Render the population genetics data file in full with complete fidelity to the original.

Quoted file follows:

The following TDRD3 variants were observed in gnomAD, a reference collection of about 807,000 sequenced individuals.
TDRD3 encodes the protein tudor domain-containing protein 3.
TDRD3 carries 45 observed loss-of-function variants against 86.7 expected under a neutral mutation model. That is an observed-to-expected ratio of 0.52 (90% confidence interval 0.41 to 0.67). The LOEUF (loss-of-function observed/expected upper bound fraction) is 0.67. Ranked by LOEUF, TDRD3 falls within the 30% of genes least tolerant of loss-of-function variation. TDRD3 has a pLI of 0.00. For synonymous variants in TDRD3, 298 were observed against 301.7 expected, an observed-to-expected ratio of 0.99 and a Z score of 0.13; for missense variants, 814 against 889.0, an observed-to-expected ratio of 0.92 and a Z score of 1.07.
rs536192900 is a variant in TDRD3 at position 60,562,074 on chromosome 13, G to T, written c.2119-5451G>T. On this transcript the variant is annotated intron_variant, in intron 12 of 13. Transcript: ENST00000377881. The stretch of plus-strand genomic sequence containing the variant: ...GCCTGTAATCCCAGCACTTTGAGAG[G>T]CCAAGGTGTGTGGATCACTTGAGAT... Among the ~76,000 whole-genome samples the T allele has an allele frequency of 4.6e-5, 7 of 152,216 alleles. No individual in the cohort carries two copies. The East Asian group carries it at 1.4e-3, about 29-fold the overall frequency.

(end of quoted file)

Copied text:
The following TDRD3 variants were observed in gnomAD, a reference collection of about 807,000 sequenced individuals.
TDRD3 encodes the protein tudor domain-containing protein 3.
TDRD3 carries 45 observed loss-of-function variants against 86.7 expected under a neutral mutation model. That is an observed-to-expected ratio of 0.52 (90% confidence interval 0.41 to 0.67). The LOEUF (loss-of-function observed/expected upper bound fraction) is 0.67. Ranked by LOEUF, TDRD3 falls within the 30% of genes least tolerant of loss-of-function variation. TDRD3 has a pLI of 0.00. For synonymous variants in TDRD3, 298 were observed against 301.7 expected, an observed-to-expected ratio of 0.99 and a Z score of 0.13; for missense variants, 814 against 889.0, an observed-to-expected ratio of 0.92 and a Z score of 1.07.
rs536192900 is a variant in TDRD3 at position 60,562,074 on chromosome 13, G to T, written c.2119-5451G>T. On this transcript the variant is annotated intron_variant, in intron 12 of 13. Transcript: ENST00000377881. The stretch of plus-strand genomic sequence containing the variant: ...GCCTGTAATCCCAGCACTTTGAGAG[G>T]CCAAGGTGTGTGGATCACTTGAGAT... Among the ~76,000 whole-genome samples the T allele has an allele frequency of 4.6e-5, 7 of 152,216 alleles. No individual in the cohort carries two copies. The East Asian group carries it at 1.4e-3, about 29-fold the overall frequency.